It Was All An Act

There were five of us in a house each given clothing to wear, and a script including a character outline. We had to guess what type of person everybody else was based on the role they had been assigned then afterwards we put on little skits to show who we really were. The idea was that we should be able to figure out the true personality of everyone in the group by looking beyond physicality and speech patterns. At the same time, we were tasked to embody our role as best we could, hopefully acting well enough that nobody would be able to figure it out. In the end, by watching each others skits, we would understand what our truest biases were.

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After the trial had concluded, one boy had drawn a hyena next to a tree with a glass orb in it’s mouth, encased in a larger glass orb, and he was very dark and had been in love with one of the girls there but they weren’t a thing anymore. He mentioned that it was like falling but also like being pulled somewhere alone. He was lying, I didn’t trust him and his name was Dwyoming. I knew because I had found a yellow dog collar with his name on it.

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We were given access to special computers containing information files on everyone in the whole company which we were free to peruse. So not only could we look at everyone’s past, we all knew that the others could look up our past.

I only looked at Dwyoming’s information, because I didn’t trust him, and everyone else seemed to be honest. There was a dark girl and a fair girl and myself and a golden haired boy who was not of much interest or use. During our trial I had thought he was the smartest among us and he had filled a leader’s role, but soon thereafter we found out that he was the least intelligent in reality, so we all kind of ignored him from then on. When it was my turn to put on a presentation about who I really was I was nervous that Dwyoming would think it was stupid, or that it wasn’t “heavy” enough like his, all metaphor and sad imagery that made him so unique. I thought about drawing it on the backside of the canvas, to show that I felt like I didn’t fit in, but that was rather obvious and cliche. I don’t know why he cared what I thought.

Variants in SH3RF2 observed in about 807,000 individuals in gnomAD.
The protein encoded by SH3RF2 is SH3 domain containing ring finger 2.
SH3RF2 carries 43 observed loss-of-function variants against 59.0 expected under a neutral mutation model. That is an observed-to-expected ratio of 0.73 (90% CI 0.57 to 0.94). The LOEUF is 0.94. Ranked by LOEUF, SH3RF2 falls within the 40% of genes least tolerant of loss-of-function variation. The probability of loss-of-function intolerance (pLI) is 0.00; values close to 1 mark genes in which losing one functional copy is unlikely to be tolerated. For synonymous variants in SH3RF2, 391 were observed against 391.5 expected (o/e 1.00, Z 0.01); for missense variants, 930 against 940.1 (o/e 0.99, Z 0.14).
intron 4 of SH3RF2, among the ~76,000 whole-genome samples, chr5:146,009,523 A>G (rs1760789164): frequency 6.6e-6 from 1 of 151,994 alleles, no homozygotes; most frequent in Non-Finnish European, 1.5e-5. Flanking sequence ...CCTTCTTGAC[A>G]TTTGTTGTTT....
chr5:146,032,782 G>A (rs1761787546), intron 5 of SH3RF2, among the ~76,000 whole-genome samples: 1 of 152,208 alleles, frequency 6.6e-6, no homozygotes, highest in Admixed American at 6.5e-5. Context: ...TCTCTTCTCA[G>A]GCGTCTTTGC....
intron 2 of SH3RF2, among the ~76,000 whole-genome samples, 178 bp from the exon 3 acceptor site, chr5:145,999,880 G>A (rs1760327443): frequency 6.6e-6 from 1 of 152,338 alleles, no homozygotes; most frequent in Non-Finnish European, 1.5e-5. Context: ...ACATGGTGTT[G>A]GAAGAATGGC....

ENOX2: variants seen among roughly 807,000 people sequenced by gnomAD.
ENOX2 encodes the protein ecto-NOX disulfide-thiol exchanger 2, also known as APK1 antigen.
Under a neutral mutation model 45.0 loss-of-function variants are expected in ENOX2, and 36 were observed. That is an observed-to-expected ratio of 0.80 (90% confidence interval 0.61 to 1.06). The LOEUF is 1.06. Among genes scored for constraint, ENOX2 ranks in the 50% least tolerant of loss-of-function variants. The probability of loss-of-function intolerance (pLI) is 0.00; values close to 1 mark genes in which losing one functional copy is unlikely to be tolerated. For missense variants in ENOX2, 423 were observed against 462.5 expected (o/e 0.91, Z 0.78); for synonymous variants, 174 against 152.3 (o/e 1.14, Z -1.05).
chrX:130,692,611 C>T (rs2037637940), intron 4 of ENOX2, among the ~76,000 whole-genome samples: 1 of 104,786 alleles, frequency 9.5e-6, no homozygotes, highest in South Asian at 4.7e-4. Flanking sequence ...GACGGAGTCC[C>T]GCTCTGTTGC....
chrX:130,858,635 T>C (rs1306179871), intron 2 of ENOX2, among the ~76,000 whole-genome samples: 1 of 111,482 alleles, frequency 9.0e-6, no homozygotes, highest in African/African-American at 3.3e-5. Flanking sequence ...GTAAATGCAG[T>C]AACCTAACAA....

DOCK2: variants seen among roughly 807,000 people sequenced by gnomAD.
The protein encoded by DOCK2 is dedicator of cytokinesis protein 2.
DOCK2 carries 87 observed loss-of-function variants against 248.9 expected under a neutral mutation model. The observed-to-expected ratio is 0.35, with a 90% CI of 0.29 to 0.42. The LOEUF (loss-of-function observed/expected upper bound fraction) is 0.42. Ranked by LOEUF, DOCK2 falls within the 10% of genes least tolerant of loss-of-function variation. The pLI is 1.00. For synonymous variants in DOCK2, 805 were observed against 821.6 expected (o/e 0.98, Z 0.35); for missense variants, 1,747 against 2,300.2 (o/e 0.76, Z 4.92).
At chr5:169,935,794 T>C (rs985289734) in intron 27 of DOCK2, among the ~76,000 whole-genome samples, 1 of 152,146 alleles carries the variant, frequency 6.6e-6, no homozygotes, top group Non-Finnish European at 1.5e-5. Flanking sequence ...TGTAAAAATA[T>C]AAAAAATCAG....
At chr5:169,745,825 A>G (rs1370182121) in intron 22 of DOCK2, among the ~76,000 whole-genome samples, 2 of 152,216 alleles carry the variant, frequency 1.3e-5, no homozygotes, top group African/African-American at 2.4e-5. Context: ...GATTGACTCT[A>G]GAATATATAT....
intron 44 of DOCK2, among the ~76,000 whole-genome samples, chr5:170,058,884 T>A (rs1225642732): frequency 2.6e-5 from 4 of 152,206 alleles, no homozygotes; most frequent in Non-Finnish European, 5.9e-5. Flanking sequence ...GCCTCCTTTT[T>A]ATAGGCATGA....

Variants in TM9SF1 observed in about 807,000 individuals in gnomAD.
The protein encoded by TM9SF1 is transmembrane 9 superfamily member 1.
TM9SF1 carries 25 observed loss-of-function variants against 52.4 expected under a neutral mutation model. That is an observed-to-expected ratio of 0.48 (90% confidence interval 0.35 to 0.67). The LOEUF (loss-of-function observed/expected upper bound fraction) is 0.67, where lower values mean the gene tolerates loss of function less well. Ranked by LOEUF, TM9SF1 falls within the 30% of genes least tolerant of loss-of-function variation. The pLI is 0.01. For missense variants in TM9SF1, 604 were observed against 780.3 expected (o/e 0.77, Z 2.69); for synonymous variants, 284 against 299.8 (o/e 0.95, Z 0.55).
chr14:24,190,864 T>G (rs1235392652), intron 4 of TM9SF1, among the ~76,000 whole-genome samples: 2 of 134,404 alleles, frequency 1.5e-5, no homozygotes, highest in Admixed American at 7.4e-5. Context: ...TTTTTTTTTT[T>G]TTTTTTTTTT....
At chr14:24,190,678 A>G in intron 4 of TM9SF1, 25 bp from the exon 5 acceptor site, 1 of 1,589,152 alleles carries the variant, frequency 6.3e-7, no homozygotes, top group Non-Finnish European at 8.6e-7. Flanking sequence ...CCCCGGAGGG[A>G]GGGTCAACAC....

Willem de Kooning. Attic, 1949. Oil, enamel, and newspaper transfer on canvas, 61 7/8 in. x 6 ft. 9 in. (157.2 x 205.7 cm).The Metropolitan Museum of Art, New York. The Muriel Kallis Steinberg Newman Collection, Gift of Muriel Kallis Newman, in honor of her son, Glenn David Steinberg, 1982 (1982.16.3)

I mentioned in my presentation that I was doing great now that I was dating someone new, alluding to the notion that the girl who had left him was now with me, the blonde girl. It worked and he got extremely upset. He picked up a shotgun full of radioactive material and pointed it at both of us. I kept covering both of our faces with my hands, in a knowingly feeble attempt to block him from shooting us. He decided that he couldn’t do it and dropped the gun, which went off when it landed, hitting the side of a school building and causing a perfectly spherical explosion, though nobody was hurt.

 

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